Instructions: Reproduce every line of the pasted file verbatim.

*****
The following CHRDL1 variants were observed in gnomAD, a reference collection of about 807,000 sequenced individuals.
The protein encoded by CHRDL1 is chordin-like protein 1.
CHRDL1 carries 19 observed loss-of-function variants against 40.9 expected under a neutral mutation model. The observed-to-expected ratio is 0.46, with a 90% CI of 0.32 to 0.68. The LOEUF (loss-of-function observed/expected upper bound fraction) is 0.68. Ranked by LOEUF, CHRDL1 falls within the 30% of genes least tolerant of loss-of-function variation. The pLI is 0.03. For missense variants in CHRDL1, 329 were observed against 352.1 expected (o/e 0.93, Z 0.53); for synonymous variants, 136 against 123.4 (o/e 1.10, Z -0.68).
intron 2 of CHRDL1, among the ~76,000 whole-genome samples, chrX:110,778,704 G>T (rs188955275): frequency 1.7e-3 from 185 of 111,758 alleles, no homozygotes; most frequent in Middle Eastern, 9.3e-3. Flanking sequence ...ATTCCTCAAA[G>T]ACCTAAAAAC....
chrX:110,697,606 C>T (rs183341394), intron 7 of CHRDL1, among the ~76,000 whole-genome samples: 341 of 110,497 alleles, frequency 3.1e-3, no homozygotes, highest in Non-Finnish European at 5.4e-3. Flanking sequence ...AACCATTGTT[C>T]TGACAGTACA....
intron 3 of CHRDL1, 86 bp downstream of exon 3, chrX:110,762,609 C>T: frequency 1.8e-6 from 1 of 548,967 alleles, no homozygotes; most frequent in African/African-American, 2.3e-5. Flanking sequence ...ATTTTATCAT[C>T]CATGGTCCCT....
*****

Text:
The following CHRDL1 variants were observed in gnomAD, a reference collection of about 807,000 sequenced individuals.
The protein encoded by CHRDL1 is chordin-like protein 1.
CHRDL1 carries 19 observed loss-of-function variants against 40.9 expected under a neutral mutation model. The observed-to-expected ratio is 0.46, with a 90% CI of 0.32 to 0.68. The LOEUF (loss-of-function observed/expected upper bound fraction) is 0.68. Ranked by LOEUF, CHRDL1 falls within the 30% of genes least tolerant of loss-of-function variation. The pLI is 0.03. For missense variants in CHRDL1, 329 were observed against 352.1 expected (o/e 0.93, Z 0.53); for synonymous variants, 136 against 123.4 (o/e 1.10, Z -0.68).
intron 2 of CHRDL1, among the ~76,000 whole-genome samples, chrX:110,778,704 G>T (rs188955275): frequency 1.7e-3 from 185 of 111,758 alleles, no homozygotes; most frequent in Middle Eastern, 9.3e-3. Flanking sequence ...ATTCCTCAAA[G>T]ACCTAAAAAC....
chrX:110,697,606 C>T (rs183341394), intron 7 of CHRDL1, among the ~76,000 whole-genome samples: 341 of 110,497 alleles, frequency 3.1e-3, no homozygotes, highest in Non-Finnish European at 5.4e-3. Flanking sequence ...AACCATTGTT[C>T]TGACAGTACA....
intron 3 of CHRDL1, 86 bp downstream of exon 3, chrX:110,762,609 C>T: frequency 1.8e-6 from 1 of 548,967 alleles, no homozygotes; most frequent in African/African-American, 2.3e-5. Flanking sequence ...ATTTTATCAT[C>T]CATGGTCCCT....